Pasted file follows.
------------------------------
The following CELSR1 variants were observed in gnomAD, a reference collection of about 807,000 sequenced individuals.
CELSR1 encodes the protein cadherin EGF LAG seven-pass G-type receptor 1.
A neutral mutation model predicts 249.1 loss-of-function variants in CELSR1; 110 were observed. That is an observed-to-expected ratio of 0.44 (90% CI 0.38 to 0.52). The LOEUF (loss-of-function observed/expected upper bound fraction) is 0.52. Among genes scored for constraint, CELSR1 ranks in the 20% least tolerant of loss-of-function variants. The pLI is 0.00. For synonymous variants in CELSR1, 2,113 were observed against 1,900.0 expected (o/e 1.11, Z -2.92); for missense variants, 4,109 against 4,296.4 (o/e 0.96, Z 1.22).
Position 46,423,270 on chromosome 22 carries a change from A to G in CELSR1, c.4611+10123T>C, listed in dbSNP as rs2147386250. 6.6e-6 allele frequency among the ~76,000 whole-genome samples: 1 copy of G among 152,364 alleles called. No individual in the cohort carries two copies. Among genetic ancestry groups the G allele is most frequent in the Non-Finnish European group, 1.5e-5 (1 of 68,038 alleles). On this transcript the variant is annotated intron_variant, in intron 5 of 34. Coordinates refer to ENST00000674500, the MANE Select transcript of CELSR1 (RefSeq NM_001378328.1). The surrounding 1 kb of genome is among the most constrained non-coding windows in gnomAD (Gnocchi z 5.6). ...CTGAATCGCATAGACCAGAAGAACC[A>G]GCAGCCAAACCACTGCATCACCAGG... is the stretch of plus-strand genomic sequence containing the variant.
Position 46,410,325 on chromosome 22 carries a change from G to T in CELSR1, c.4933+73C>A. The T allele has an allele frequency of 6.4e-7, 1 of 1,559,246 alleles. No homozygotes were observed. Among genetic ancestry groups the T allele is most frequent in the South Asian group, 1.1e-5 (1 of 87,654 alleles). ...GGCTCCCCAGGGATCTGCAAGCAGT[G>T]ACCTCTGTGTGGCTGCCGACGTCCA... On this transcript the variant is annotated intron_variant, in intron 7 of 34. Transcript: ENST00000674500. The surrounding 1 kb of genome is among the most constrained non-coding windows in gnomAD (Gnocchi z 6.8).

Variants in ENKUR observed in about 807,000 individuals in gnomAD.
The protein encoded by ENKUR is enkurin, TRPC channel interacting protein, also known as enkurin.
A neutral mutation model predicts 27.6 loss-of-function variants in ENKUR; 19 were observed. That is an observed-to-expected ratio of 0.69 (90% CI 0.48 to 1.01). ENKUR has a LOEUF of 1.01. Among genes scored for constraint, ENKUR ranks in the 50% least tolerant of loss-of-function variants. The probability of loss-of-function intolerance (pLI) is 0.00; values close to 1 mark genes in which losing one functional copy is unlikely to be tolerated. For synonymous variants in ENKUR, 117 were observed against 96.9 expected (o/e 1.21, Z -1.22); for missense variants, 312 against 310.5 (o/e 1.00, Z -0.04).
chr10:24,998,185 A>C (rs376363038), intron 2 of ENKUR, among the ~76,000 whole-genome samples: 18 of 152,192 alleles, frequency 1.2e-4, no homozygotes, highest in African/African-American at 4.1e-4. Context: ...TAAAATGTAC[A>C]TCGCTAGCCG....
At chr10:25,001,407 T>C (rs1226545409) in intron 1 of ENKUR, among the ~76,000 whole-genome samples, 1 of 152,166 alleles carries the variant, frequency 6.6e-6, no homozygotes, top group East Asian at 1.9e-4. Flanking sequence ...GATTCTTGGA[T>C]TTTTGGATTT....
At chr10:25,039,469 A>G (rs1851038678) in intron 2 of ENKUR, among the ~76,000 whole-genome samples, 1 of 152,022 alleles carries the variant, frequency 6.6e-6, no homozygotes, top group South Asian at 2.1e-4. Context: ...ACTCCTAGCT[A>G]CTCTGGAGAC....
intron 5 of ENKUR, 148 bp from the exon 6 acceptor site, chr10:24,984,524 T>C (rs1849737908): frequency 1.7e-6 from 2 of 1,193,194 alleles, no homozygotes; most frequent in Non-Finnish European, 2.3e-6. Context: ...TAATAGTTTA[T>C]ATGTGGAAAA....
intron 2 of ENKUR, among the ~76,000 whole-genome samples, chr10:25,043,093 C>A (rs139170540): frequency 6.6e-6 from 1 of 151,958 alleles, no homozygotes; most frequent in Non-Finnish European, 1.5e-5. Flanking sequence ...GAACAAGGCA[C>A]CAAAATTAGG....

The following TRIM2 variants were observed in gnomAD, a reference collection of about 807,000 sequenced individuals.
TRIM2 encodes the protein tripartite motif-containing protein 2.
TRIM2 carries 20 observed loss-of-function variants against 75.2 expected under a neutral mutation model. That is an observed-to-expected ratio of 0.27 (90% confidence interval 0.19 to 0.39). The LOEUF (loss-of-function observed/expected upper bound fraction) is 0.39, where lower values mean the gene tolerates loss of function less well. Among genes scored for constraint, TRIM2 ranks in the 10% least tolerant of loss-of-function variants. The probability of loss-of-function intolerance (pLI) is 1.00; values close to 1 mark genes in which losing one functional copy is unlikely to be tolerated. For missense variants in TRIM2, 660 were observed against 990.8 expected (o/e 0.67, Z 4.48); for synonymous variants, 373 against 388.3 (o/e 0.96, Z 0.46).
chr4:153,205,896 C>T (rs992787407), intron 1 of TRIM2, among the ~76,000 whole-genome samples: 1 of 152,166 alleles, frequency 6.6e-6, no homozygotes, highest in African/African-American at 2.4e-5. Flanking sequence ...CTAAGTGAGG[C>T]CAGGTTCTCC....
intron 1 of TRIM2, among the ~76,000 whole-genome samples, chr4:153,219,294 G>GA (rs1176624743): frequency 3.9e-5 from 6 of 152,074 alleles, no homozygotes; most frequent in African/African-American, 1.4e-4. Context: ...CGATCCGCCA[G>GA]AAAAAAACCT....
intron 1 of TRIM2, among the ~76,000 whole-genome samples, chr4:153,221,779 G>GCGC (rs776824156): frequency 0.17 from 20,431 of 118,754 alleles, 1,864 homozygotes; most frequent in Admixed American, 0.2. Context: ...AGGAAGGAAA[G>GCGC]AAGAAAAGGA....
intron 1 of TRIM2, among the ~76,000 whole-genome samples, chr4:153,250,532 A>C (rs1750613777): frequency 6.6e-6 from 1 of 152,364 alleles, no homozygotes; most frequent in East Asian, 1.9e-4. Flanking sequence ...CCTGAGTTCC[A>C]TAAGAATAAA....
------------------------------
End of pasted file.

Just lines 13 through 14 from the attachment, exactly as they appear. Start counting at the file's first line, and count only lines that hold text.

intron 2 of ENKUR, among the ~76,000 whole-genome samples, chr10:25,043,093 C>A (rs139170540): frequency 6.6e-6 from 1 of 151,958 alleles, no homozygotes; most frequent in Non-Finnish European, 1.5e-5. Flanking sequence ...GAACAAGGCA[C>A]CAAAATTAGG....

The following TRIM2 variants were observed in gnomAD, a reference collection of about 807,000 sequenced individuals.